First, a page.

Working with Victims of Abuse
In treating victims of abuse, the therapist’s first job is to develop a relationship where there is love, safety and trust. Without that foundation, not much can happen. When treating abuse victims, I favor an approach that combines the models described by Joe Dispenza and John Briere, both of which take into account new information on brain development as well as new research on complex-trauma treatment. The first step is to provide a milieu in which the patient feels safe enough to disclose. The act of telling one’s story of abuse activates negative emotions and beliefs that are encoded in the associated memories.
These scary, painful emotions and beliefs are now being felt in an environment of safety, support and love. The pain of the past is incongruent with the safety of the present, creating disparity. Joe Dispenza explains that this situation causes new emotions to be encoded with the old memories to, in a sense, neurologically reset emotions associated with past events. This process is repeated until the new emotions render the experience no longer threatening.
John Briere talks about the concept of counter conditioning wherein emotional responses fade when those responses are repeatedly not reinforced. Engaging memories of traumatic events in these new ways creates new neurological connections to past events. As the abuse victim learns and does more positive things for herself and others in a safe interpersonal and milieu-based context, she creates new neurological connections, feelings, attitudes and ways of being.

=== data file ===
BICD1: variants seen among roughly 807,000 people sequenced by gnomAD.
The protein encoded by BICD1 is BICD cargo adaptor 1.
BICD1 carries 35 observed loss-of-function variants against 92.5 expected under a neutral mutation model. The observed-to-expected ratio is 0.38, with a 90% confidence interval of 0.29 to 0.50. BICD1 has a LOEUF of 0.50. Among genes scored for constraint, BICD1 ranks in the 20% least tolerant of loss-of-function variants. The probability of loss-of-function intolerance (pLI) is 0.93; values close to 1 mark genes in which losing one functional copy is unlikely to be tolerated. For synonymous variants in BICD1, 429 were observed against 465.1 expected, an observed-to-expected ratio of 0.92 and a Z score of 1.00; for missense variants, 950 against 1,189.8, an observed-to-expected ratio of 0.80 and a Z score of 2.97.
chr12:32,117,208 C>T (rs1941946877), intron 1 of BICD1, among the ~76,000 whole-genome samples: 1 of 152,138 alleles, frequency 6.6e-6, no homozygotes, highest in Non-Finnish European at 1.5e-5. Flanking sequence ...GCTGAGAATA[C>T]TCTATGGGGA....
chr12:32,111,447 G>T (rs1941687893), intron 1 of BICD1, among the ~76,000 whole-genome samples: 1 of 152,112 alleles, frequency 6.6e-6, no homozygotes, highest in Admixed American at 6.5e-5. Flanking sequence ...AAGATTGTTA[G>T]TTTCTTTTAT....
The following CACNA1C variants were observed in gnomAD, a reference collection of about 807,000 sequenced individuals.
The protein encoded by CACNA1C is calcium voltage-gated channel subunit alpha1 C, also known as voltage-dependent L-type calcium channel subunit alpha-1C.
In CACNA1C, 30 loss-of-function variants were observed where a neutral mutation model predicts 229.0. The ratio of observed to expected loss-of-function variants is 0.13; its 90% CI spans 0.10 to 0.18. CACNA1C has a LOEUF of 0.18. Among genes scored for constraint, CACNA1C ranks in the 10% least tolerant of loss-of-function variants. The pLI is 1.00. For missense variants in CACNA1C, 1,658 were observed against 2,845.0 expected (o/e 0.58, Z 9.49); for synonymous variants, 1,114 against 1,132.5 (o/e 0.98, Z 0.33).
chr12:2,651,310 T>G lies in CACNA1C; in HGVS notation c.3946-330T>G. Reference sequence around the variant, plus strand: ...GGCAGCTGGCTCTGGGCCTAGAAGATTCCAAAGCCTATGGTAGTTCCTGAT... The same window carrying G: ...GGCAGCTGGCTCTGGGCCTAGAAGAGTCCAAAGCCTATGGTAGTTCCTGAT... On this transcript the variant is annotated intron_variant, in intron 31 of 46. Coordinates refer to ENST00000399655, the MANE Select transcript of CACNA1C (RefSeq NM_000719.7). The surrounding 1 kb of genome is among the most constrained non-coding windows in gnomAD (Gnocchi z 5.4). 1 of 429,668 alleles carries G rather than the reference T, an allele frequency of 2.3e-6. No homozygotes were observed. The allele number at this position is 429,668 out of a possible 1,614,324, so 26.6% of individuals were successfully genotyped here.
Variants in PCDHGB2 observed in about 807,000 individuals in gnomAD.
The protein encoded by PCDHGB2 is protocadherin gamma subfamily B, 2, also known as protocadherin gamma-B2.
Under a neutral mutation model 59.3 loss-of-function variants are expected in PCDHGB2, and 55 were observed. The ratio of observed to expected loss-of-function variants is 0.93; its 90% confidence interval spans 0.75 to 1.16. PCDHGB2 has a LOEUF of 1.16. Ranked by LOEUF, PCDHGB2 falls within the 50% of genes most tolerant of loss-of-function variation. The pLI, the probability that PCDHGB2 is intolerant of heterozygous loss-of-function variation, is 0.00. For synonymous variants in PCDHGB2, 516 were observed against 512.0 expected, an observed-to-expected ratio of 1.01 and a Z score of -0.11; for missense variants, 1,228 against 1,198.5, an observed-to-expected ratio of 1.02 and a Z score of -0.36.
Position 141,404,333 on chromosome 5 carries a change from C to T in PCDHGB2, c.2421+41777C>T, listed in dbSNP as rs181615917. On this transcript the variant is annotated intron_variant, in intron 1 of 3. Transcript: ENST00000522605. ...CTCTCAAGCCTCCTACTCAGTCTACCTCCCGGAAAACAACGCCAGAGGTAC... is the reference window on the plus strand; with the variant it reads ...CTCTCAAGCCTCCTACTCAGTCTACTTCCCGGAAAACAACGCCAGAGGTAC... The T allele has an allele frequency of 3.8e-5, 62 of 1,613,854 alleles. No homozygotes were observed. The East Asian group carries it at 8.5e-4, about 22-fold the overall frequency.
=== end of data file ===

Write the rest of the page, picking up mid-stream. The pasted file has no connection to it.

Neurologically re-conditioning memories can be a powerful therapy when administered in a safe and loving therapeutic milieu. Many creative approaches can be constructed for actually implementing this type of therapy, and I’ve had great success using them. Feel free to contact me directly for specific ideas regarding specific treatment techniques for abuse victims.
Brad Rentfro, LPC, is a therapist at New Haven Residential Treatment Center, a member of the InnerChange family of treatment programs for adolescent girls and young women.